CAHNRS and WSU Extension

Wheat and Small Grains

Proposed Rule Changes for Restricted Use Herbicides

RUPThe Washington State Department of Agriculture is considering rule changes affecting the use of restricted use herbicides. The possible rule changes were agreed upon by a workgroup consisting of various agricultural sector representatives and representatives from WSU.  The existing rules covering restricted use pesticides are extensive, complex, and confusing. For example, there are over 50 different established Areas in eastern Washington, each with their own restrictions. Some of the existing rules are over 50 years old and lack relevancy in today’s agriculture. For example, current rules require nozzles with a minimum orifice diameter, but current nozzle manufacturers and pesticide labels refer to the size droplet spectrum produced by a particular nozzle type at a specific pressure. The current rules also limit spray pressures below that needed by modern nozzle types such as air induction nozzles. The purpose of the proposed changes is primarily to repeal redundant and very outdated rules. The proposed new rules do not impose any additional regulatory requirements and the Department does not believe the changes will pose any increased risk to sensitive crops. The Department is seeking public comment on the proposed rule changes before filing an official rule-making proposal sometime in the fall of 2017.

The Department is considering the following changes:

  1. Amending nozzle and pressure requirements in the three WAC chapters to reflect current standards that applications must be made by creating a droplet spectrum size (e.g., medium, coarse or very coarse) that is in conformance with ASABE (American Society of Agricultural and Biological Engineers) standards;
  1. Repealing the 85 degree Fahrenheit cut-off requirement in individual county rules since it is in the statewide rule (redundant);
  1. Repealing maximum wind speed restrictions in individual county rules and adding a maximum 15 mph wind speed restriction to the statewide rules;
  1. Repealing restriction in statewide rules that limits the addition of oil carriers and adjuvants to one pint per acre;
  1. Repealing restrictions in individual county rules that prohibit use of oil type carriers for brush control during certain times of the year;
  1. Repealing restriction in statewide rules that prohibits mixing, loading and equipment decontamination (also aircraft takeoff and landing) in a manner that causes damage to susceptible crops;
  1. Repealing restrictions in counties and specific “Areas” of counties that limit mixing loading of aircraft to formulations that can be applied in the Area where the airstrip is located;
  1. Repealing the prohibition in statewide rules on turning or flying low over cities, towns, residences and other sensitive sites;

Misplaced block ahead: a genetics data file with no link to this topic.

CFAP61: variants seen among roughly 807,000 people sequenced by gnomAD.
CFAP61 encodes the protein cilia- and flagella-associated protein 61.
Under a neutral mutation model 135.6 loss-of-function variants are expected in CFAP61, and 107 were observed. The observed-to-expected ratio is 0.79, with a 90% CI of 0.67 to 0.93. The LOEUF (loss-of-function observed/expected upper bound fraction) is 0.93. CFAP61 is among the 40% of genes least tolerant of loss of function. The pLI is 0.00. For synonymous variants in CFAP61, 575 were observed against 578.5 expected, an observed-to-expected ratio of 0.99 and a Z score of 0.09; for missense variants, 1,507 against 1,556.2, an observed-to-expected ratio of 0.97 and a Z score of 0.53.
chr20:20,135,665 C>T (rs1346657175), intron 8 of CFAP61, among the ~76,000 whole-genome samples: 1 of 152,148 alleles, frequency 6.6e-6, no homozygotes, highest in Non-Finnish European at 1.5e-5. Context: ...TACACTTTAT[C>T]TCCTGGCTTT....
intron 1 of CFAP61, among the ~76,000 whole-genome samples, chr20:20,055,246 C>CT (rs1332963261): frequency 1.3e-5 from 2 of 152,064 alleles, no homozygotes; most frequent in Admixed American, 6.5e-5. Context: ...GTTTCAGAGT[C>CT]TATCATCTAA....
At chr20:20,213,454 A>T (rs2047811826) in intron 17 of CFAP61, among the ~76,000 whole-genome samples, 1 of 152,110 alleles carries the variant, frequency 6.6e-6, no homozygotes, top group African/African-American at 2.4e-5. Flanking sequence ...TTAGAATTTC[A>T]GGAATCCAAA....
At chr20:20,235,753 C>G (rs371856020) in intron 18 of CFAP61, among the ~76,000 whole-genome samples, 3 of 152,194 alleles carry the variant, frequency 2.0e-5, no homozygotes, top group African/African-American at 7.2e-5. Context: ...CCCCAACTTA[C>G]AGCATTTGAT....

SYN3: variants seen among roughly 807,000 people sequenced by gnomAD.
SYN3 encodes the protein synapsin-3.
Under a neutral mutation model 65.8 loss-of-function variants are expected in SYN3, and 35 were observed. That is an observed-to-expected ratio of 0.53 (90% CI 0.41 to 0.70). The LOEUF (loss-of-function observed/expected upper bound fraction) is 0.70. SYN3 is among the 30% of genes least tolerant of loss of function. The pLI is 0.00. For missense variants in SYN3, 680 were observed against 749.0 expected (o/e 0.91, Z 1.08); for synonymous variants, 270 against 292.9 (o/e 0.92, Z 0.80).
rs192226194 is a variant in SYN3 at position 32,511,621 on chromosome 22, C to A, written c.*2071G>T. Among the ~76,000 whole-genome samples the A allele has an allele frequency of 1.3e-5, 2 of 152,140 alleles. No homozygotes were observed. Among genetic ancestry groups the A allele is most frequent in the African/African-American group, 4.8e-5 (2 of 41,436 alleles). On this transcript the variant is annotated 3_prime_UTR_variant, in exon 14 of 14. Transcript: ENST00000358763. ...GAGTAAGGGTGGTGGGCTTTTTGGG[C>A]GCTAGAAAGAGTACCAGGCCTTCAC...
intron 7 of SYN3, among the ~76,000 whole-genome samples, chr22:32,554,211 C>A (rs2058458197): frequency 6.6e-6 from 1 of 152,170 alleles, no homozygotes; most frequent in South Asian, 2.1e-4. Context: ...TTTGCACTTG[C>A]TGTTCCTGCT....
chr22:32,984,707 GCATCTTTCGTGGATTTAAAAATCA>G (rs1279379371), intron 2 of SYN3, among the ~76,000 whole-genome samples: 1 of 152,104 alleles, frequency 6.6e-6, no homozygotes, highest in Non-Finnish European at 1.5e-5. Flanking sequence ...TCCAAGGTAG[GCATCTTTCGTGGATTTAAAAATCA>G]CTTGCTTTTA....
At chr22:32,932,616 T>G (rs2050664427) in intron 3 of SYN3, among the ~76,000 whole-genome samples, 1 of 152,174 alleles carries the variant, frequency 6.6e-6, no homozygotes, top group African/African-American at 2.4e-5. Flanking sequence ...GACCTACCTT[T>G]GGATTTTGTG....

1. Repealing the prohibition in the statewide rules for storing use-restricted herbicides in “Areas” where their use is prohibited unless they are in a sealed container and the outside of the container is not contaminated; and
  1. Repealing the provision in the statewide rules that indicates application of use-restricted herbicides through irrigation is subject to the same requirements as ground applications except for nozzle size and pressure requirements.

The Preproposal Statement of Inquiry provides details on how interested parties can provide comments on the proposed rule changes to the Washington State Department of Agriculture. The Explanation of Possible Rule Changes explains the proposed rule changes and why the changes are deemed beneficial.  This is a good faith effort to simplify and update rules related to the application of restricted use herbicides. Please consider providing your thoughts on the proposed rule changes to the Washington State Department of Agriculture.

For questions, contact Drew Lyon by phone at 509-335-2961 or by email at


3 comments on “Proposed Rule Changes for Restricted Use Herbicides”

  1. Christopher Vogel said on April 14, 2017:

    My interest lies in aerosolized/airborne applications. In my case I have a small winery up near Spokane that lies just under a half mile from large wheat operations. On occasion I have had leaf curl and damage to the vines from applied and drifting sprays. It comes back to everything in moderation. What is good for the wheat can actively hurt the grapes.

    • Drew Lyon said on April 14, 2017:

      Your concerns are shared by everyone. Nobody wants to be responsible for damaging somebody else’s property. The proposed rule changes should not increase problems from herbicide drift. They are primarily eliminating redundancies in the rules and updating language related to new nozzle technology. The revised rules should be easier to read and comprehend and in that way, they should be more effective.

  2. Stephen said on April 13, 2017:

    Rules always need to be reviewed. A review process should be conducted more often than fifty years

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